1. Be able to describe the development of core journalistic ideals, practices and forms over time.
    1. Understand a range of critical-theoretical, political-economic and sociological approaches to studying media and journalism
    1. Demonstrate a good grasp of Jurgen Habermas’ ideal of the public sphere, and how it has been compromised (‘refeudalised’) via the forces of professionalism, propaganda, public relations and market pressures.

Assessment Methods

Type Name Description Weight
Leading a seminar 30
essay 70

Teaching and Learning Strategy


The lecture format will be employed, although the lecturer will be sensitive to need for high levels of interaction so as to ensure comprehension.

One-to-one supervision

One-to one tutorial for advice on assignment and other course comprehension matters.


These will primarily be student-led so as to encourage engagement and maintain weekly enthusiasm.

Private study

This will involve reading course materials and beyond. The latter will encompass academic sources, but also industry reports, policy documents and relevant news sources to be advised by the lecturer.


Transferable skills

  • Literacy - Proficiency in reading and writing through a variety of media
  • Numeracy - Proficiency in using numbers at appropriate levels of accuracy
  • Computer Literacy - Proficiency in using a varied range of computer software
  • Self-Management - Able to work unsupervised in an efficient, punctual and structured manner. To examine the outcomes of tasks and events, and judge levels of quality and importance
  • Exploring - Able to investigate, research and consider alternatives
  • Information retrieval - Able to access different and multiple sources of information
  • Inter-personal - Able to question, actively listen, examine given answers and interact sensitevely with others
  • Critical analysis & Problem Solving - Able to deconstruct and analyse problems or complex situations. To find solutions to problems through analyses and exploration of all possibilities using appropriate methods, rescources and creativity.
  • Presentation - Able to clearly present information and explanations to an audience. Through the written or oral mode of communication accurately and concisely.
  • Teamwork - Able to constructively cooperate with others on a common task, and/or be part of a day-to-day working team
  • Mentoring - Able to support, help, guide, inspire and/or coach others
  • Argument - Able to put forward, debate and justify an opinion or a course of action, with an individual or in a wider group setting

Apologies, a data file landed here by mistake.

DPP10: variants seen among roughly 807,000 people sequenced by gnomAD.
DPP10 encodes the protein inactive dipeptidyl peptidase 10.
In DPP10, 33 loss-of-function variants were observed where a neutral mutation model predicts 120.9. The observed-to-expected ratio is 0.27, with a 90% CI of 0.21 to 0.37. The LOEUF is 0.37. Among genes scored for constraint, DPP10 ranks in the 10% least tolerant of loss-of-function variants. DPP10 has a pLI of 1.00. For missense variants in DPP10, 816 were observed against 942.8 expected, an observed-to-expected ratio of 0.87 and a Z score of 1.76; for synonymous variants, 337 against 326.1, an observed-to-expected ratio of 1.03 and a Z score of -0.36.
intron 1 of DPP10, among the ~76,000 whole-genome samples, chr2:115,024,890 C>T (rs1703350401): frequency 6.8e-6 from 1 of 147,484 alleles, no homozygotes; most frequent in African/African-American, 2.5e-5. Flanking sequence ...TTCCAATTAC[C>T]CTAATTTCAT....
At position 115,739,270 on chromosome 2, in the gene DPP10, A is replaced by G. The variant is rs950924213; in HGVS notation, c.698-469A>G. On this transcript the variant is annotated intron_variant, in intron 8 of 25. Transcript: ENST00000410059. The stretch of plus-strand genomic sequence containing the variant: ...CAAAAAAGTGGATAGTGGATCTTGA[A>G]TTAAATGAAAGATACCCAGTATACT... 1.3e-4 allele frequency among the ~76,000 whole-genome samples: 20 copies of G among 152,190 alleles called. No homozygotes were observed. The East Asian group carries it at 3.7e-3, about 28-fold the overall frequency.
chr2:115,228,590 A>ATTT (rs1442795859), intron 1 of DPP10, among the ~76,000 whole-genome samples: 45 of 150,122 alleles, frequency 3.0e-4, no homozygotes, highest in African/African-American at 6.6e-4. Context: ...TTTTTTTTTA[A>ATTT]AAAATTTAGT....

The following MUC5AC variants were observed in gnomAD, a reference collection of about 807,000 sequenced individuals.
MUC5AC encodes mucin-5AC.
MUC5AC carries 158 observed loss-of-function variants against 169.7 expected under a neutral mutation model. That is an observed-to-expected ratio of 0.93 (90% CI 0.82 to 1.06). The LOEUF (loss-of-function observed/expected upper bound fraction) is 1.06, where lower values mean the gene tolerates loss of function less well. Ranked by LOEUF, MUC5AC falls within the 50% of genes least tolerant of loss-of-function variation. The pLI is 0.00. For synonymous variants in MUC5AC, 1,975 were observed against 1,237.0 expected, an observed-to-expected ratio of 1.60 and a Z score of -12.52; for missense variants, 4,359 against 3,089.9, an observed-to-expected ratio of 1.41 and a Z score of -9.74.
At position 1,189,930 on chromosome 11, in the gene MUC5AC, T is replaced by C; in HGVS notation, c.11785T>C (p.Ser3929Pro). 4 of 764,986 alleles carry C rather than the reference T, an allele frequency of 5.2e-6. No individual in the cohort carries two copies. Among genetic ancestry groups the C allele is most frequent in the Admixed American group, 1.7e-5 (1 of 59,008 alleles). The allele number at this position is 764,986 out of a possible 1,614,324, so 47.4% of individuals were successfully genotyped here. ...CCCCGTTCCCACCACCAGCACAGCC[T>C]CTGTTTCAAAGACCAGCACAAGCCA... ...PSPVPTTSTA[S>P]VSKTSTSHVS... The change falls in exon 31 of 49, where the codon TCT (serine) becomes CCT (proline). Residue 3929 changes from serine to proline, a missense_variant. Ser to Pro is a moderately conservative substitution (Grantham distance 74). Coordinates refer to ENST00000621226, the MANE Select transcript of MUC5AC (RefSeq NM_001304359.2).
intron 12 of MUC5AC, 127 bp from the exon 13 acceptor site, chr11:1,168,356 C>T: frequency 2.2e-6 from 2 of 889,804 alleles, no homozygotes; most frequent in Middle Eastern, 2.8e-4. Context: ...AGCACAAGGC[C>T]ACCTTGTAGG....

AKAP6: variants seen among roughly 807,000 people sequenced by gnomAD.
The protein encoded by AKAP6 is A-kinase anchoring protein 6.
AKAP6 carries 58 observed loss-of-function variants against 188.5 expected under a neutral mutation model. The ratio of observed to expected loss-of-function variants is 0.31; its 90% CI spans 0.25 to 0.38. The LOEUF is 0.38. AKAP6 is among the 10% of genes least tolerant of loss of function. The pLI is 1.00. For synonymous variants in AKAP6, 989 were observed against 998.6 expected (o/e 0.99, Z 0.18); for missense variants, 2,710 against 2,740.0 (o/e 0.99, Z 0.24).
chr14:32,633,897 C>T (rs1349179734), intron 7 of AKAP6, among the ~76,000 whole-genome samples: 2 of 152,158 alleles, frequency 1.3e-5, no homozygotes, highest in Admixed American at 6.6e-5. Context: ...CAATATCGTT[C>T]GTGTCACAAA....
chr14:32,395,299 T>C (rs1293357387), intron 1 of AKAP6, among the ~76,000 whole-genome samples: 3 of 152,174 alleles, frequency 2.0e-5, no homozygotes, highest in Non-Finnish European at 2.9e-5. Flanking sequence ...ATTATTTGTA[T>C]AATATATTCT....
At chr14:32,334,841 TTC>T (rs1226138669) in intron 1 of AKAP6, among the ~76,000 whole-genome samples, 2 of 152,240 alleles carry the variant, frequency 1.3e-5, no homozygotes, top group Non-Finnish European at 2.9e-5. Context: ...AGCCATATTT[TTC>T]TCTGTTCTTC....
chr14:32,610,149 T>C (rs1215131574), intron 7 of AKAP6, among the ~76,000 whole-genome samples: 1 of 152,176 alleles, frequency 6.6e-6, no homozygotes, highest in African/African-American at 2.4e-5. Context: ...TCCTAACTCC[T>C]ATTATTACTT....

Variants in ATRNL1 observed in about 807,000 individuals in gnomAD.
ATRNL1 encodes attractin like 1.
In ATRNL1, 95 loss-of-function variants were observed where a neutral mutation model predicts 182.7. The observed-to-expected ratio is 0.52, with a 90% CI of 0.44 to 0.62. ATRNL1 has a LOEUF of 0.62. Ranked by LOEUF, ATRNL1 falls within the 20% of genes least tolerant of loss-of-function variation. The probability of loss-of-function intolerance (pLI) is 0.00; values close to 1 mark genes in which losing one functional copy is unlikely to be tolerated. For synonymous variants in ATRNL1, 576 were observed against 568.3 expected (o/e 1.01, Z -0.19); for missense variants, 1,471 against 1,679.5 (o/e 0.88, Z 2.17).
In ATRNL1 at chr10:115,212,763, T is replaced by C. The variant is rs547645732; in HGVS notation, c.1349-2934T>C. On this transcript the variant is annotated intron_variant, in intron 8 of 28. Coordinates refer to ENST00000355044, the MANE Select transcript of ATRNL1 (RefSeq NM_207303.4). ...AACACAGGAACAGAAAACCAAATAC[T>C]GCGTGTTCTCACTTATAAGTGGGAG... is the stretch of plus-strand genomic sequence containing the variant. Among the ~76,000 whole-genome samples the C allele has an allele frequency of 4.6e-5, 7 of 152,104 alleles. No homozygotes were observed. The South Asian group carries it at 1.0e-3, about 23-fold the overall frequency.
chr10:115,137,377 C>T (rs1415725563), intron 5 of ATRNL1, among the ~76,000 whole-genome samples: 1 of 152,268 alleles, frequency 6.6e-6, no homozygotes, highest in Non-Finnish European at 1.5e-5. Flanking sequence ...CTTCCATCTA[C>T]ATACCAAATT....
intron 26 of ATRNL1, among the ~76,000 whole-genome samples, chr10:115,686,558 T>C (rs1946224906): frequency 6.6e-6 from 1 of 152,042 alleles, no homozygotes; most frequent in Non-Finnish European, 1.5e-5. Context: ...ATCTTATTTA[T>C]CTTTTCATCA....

• Self-awareness & Reflectivity - Having an awareness of your own strengths, weaknesses, aims and objectives. Able to regularly review, evaluate and reflect upon the performance of yourself and others
  • Leadership - Able to lead and manage, develop action plans and objectives, offer guidance and direction to others, and cope with the related pressures such authority can result in

Subject specific skills

  • An understanding of creative and critical processes, and of the wide range of skills inherent in creative writing. (NAWE Creative Writing Benchmark Statement 3.1).
  • Awareness of how different social and cultural contexts affect the nature of language and meaning (English Benchmark Statement 3.2).
  • The ability to synthesize information from various sources, choosing and applying appropriate concepts and methods (English Benchmark Statement 3.3).
  • Ability to formulate and solve problems, anticipate and accommodate change, and work within contexts of ambiguity, uncertainty and unfamiliarity (NAWE Creative Writing Benchmark Statement 3.2; English Benchmark Statement 3.3).
  • Ability to engage in processes of drafting and redrafting texts to achieve clarity of expression and an appropriate style. (English Benchmark Statement 3.3; NAWE Creative Writing Benchmark Statement 3.2).
  • Ability to gather information, analyse, interpret and discuss different viewpoints (NAWE Creative Writing Benchmark Statement 3.2; English Benchmark Statement 3.3).
  • Information technology (IT) skills broadly understood and the ability to access, work with and evaluate electronic resources (NAWE Creative Writing Benchmark Statement 3.2; English Benchmark Statement 3.3).

Courses including this module

Compulsory in courses:

Optional in courses: